Separation of Duties (SOD) in RBAC

Posted by Edward Killeen on Tue, Jul 17, 2012

You know that guy in accounting you just don't like and wish you didn't have to talk to?  Well, there's a chance that you don't have to!  Separation of Duties (SOD) to the rescue.

separation of duties RBACIt doesn't really work like that but there are some mutually exclusive roles.  One where if you have these sets of permissions, you cannot have another set of permissions.  Some of these are security related (for example, you have permission to create a user, you should not have permission to add them to the financials group, this keeps one person from being able to create a fake user to access critical financial reports).  Some are regulatory (for example, in a bank the analysts should not be able to have access to customer records, the bankers should not have access to analyst reports).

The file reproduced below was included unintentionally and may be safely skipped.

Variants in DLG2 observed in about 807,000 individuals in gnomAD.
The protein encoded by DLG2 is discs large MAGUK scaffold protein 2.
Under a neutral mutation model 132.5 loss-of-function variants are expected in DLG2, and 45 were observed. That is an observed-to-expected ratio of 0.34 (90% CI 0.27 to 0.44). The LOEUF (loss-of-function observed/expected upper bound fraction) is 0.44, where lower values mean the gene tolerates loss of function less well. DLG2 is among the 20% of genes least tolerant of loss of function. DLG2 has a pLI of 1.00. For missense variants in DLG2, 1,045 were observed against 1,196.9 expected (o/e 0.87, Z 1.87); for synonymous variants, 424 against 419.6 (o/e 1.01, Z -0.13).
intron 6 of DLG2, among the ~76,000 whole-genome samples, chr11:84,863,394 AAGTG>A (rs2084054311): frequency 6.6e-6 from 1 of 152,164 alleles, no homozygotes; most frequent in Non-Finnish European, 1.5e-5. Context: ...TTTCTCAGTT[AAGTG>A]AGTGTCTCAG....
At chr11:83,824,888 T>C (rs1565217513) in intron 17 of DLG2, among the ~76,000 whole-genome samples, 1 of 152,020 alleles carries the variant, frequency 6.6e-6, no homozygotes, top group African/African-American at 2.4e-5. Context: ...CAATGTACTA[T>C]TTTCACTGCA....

Once you are controlling permissions and access with roles (using Role based access control aka RBAC), it is simple to make roles mutually exclusive.  If you are a member of one role, you cannot be a member of another.  If you are a member of one role, you need CEO approval to be a member of another.  This creates a separation of duties.

I always picture it in action like a Hollywood need two keys to detonate the bomb and there is a tense standoff as the one guy knows they shouldn't do it.  Separation of duties is just like that.  Just. Like. That.

Once you've configured your roles to show what your users can do, you need to take that next deeper dive into what that same user shouldn't be able to do.  A good mapping of roles and SOD rules will make your organization more secure and your auditors much happier. 

If you are one of those "a picture is worth a thousand words" types, give us 15 minutes to show you how SOD works in RBAC by scheduling a demonstration.

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Tags: Role Based Access Control (RBAC)